She said that if the court, all circumstances considered, decides to impose a custodial sentence, it was her submission was that the notional starting point for such offences tends to be a term not exceeding seven years as stipulated under section 4 (3) of the Firearms Act.
Fife contended that the mitigating factors of the case outweighed the aggravating factors and the court should consider this.
Among the mitigating factors, she said, were: the defendant is 57 years of age, an independent contractor in the construction industry, a farmer, he had no criminal record and has always been “a law-abiding citizen for the last 40 years prior to this offence,” he pleaded guilty and therefore is entitled to a discount in sentence, he showed remorse and cooperated with the police.
Fife contended that there was “no harm” done in the matter in that her client “did not actually hurt anyone.” She added that the way in which the items were discovered it indicated that he had no intention to hurt anyone. She said it was not a case involving serious physical violence or sexual violence and so he was not a threat or danger to members of the public.
Fife maintained that the mitigating outweighed the aggravating factors. She contended that the aggravating factor was “the general increase in gun crimes.”
She said the maximum penalty, under the circumstances, ‘would be grossly disproportionate in the prevailing circumstance.” She said the defendant Is of good character and that good character is a mitigating factor which affects the defendant and should result in a deduction of sentence.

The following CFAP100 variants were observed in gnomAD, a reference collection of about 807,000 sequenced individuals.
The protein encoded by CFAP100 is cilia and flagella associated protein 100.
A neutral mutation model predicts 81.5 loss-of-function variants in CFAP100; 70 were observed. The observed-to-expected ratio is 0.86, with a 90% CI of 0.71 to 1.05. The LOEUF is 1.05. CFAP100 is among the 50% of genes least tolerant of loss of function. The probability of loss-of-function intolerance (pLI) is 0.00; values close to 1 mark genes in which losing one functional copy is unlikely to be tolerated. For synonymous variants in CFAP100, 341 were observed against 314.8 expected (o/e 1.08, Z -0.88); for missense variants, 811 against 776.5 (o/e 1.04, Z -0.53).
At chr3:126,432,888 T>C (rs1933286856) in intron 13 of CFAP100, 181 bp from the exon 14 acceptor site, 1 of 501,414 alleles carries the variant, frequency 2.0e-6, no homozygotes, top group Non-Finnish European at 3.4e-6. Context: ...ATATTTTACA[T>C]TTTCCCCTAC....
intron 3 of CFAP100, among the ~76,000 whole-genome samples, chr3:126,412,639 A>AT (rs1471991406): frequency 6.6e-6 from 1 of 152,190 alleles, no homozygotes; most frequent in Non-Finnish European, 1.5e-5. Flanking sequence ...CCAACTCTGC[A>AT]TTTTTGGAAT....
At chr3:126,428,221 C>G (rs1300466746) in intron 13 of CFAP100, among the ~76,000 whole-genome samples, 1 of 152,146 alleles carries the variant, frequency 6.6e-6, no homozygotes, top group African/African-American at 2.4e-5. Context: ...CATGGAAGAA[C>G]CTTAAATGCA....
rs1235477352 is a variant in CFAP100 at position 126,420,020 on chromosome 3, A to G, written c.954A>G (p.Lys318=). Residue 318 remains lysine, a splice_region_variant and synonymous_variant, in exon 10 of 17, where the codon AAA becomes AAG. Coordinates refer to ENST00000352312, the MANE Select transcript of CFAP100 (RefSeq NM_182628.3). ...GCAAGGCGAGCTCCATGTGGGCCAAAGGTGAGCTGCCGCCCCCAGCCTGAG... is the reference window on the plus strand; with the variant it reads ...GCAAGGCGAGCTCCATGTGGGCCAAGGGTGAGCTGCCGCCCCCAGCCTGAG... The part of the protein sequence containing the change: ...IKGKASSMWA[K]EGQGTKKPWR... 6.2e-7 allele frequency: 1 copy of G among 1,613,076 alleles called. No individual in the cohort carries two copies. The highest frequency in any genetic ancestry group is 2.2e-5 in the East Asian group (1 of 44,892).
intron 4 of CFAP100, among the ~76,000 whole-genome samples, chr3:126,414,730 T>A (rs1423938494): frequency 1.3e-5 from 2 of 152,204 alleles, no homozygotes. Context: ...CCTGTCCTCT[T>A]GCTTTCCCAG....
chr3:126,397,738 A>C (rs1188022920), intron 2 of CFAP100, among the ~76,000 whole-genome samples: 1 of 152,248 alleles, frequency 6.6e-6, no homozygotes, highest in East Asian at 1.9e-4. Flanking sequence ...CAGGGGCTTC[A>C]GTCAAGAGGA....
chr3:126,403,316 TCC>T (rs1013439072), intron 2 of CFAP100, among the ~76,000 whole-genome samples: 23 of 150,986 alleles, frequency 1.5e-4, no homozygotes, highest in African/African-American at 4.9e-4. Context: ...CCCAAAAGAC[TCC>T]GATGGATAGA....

Fife submitted that with lenience and mercy from the court a custodial sentence should be in the range three to five years.
Senior Prosecutor Adolphus Delplesche in his closing submission responded to Fife’s contention that her client did not pose a threat to members of the public.
Delplesche said that when someone is found with a large quantity of ammunition and a shotgun which has cartridges – of which a single cartridge has about 112 pellets and so mushrooms when discharged – “that is a threat to society.”
“Society is in trouble when that happens. Society is not safe when that happens,” the Senior Prosecutor told the court.
Responding to the defendant’s claim that he found the items, Delplesche questioned if, as a farmer and accomplished builder, the defendant wanted the court to believe he is in the habit of going around and finding ammunition. He said the prosecution did not accept that claim, and he asked the court not to accept it.
“This is more somebody who deals in ammunition. So he had his supplies and he had to supply his customers,” Delplesche said.
On the defense’s submission that no harm was done, the prosecutor noted that it was because of police constable De Roche’s “keen observation and vigilance” that he was able to find the firearm in a bag on the back seat of a motor vehicle the defendant drove.
The Senior Prosecutor commended PC De Roche for what he described a “brilliant work” and “magnificent work.” He also commended sergeant Giles who led the search and WPC Wright who searched and found items at the house.
Delp’esche said that as a result of the motor vehicle accident tempers could have flared and with the firearm in the vehicle, who knows what could have happened.
On the issue of proportionate sentencing, as raised by the defendant’s lawyer, Delplesche said: “The proportionality of sentencing somebody with a large quantity of ammunition and firearm must reflect the seriousness of having those things without a license. The time must fit the crime.’
Delplesche said one of the tenets of sentencing is deterrence.
“Persons must know that they will not be allowed to go around all over the society having these kind of things which can cause serious harm and cause death. And one of the things the court has to take into consideration when sentencing is the reality of our society,” the Senior Prosecutor submitted.
Chief Magistrate Browne-Matthias said that there were a number of matters to be considered. She adjourned the matter for sentencing today.